• Poetry is when an emotion has found its thought and the thought has found words. ~ Robert Frost
  • Poetry... should strike the reader as a wording of his own highest thoughts, and appear almost a remembrance. ~ John Keats
  • Science is for those who learn; poetry, for those who know. ~ Joseph Roux
  • The poem is a little myth of man's capacity of making life meaningful. And in the end, the poem is not a thing we see-it is, rather, a light by which we may see-and what we see is life. ~ Robert Penn Warren
  • The poet is in the end probably more afraid of the dogmatist who wants to extract the message from the poem and throw the poem away than he is of the sentimentalist who says, "Oh, just let me enjoy the poem. ~ Robert Penn Warren
  • There is poetry as soon as we realize that we possess nothing. ~ John Cage
  • There's no poetry in money, but then there's no money in poetry, either. ~ Robert Graves
  • To have great poets, there must be great audiences. ~ Walt Whitman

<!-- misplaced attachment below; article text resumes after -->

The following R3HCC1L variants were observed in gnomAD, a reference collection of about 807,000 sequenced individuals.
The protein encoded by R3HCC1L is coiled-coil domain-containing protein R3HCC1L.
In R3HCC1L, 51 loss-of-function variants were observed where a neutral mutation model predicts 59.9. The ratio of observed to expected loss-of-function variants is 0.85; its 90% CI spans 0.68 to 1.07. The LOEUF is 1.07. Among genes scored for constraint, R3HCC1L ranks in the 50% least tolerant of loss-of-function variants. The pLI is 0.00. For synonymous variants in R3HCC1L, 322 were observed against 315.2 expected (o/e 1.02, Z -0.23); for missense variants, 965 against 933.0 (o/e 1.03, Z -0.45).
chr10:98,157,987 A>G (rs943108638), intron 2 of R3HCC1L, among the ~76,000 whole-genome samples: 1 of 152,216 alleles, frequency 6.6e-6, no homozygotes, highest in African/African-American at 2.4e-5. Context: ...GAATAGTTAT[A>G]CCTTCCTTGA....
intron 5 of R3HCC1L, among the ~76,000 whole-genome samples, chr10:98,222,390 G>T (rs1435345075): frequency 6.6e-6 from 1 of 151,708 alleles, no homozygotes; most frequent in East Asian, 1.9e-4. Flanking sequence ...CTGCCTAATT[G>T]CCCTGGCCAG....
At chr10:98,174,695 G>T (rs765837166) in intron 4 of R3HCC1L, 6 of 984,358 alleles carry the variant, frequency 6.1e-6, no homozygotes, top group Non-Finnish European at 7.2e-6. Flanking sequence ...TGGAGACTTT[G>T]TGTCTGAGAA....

• You can tear a poem apart to see what makes it tick... You're back with the mystery of having been moved by words. The best craftsmanship always leaves holes and gaps... so that something that is not in the poem can creep, crawl, flash or thunder in. ~ Dylan Thomas
  • You will find poetry nowhere unless you bring some of it with you. ~ Joseph Joubert
  • I'm a poetry-skipper myself. I don't like to boast, but I have probably skipped more poetry than any other person of my age and weight in this country -- make it any other two persons. This doesn't mean that I hate poetry. I don't feel that strongly about it. It only means that those who wish to communicate with me by means of the written word must do so in prose. ~ Will Cuppy, How to Get From January to December, 1951